Newspaper accounts and congressional testimony from 1966 suggest that Solicitor of the Interior Daniel Jorjani overlooked — or deliberately suppressed — critical evidence when he ruled, in 2017, that Antofagasta Plc had a right to renew its mineral leases near the Boundary Waters.
About a month ago, and just two days after his Senate confirmation as Solicitor of the Department of the Interior, Daniel Jorjani appeared before the House Natural Resources Committee to testify about his agency’s failure to cooperate with congressional oversight requests. A highlight of that hearing came when Representative Alan Lowenthal pressed Jorjani about the renewal of mining leases near the Boundary Waters. Jorjani was politically motivated, Lowenthal contended, and acted without regard for “history, law, and common sense.”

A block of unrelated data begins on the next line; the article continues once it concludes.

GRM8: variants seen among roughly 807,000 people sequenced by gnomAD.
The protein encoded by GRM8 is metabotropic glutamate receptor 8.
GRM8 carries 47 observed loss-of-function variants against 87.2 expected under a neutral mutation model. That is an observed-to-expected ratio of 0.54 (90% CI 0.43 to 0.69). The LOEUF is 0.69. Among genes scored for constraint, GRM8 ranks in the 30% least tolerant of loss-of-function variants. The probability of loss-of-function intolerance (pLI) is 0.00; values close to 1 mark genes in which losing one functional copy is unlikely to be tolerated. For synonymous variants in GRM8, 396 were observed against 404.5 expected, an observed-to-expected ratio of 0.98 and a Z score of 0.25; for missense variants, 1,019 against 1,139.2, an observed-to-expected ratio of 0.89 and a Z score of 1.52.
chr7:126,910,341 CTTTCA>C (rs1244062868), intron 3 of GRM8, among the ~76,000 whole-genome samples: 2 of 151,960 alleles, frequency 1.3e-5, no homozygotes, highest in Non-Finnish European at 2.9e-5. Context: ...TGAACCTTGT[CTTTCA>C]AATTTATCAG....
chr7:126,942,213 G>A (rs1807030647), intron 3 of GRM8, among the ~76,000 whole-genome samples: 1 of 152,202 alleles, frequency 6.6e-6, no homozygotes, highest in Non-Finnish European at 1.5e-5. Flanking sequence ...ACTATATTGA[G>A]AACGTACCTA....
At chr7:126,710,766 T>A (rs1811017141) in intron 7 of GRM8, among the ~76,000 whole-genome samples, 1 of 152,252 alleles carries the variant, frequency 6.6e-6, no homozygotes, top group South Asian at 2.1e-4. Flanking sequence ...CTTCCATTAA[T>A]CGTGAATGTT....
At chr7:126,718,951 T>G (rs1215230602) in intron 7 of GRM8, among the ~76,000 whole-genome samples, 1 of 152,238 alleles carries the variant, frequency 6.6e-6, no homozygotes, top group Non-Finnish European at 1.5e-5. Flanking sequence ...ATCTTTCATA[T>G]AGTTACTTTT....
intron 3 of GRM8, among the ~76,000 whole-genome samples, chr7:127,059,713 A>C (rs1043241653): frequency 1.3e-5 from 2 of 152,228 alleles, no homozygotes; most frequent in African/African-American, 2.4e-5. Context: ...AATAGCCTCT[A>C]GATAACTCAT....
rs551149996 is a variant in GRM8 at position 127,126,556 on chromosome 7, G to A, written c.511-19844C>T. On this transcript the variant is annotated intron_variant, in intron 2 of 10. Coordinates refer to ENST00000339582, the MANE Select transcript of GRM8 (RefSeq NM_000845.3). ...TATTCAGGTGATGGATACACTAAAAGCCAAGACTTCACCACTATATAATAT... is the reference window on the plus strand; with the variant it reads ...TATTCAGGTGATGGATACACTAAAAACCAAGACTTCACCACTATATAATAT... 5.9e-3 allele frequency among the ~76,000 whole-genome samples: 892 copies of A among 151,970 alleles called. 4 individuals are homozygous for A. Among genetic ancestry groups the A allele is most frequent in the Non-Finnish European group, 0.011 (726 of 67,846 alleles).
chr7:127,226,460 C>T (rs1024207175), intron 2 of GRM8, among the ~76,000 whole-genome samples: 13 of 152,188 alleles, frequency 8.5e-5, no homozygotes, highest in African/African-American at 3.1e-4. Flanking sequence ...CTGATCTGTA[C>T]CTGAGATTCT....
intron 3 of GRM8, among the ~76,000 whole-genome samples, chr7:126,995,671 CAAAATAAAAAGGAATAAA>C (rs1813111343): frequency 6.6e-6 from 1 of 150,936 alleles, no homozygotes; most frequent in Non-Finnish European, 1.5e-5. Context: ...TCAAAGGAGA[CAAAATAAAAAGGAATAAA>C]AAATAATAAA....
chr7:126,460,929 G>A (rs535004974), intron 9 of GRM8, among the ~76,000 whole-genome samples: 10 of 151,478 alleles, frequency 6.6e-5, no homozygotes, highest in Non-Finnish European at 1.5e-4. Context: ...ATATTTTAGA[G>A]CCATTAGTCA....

To help drive home the point, Lowenthal produced a 1966 Department of the Interior press release that directly contradicts one of the key legal arguments Jorjani made: that the terms of the original 1966 International Nickel Company leases “govern” the two leases currently held by Antofagasta, Plc, and — this is critical to his argument — that renewal of the leases was not conditioned on bringing the mine into production: “the historical record of the 1966 lease implementations,” Jorjani wrote, “show that production was not made a condition of renewal.”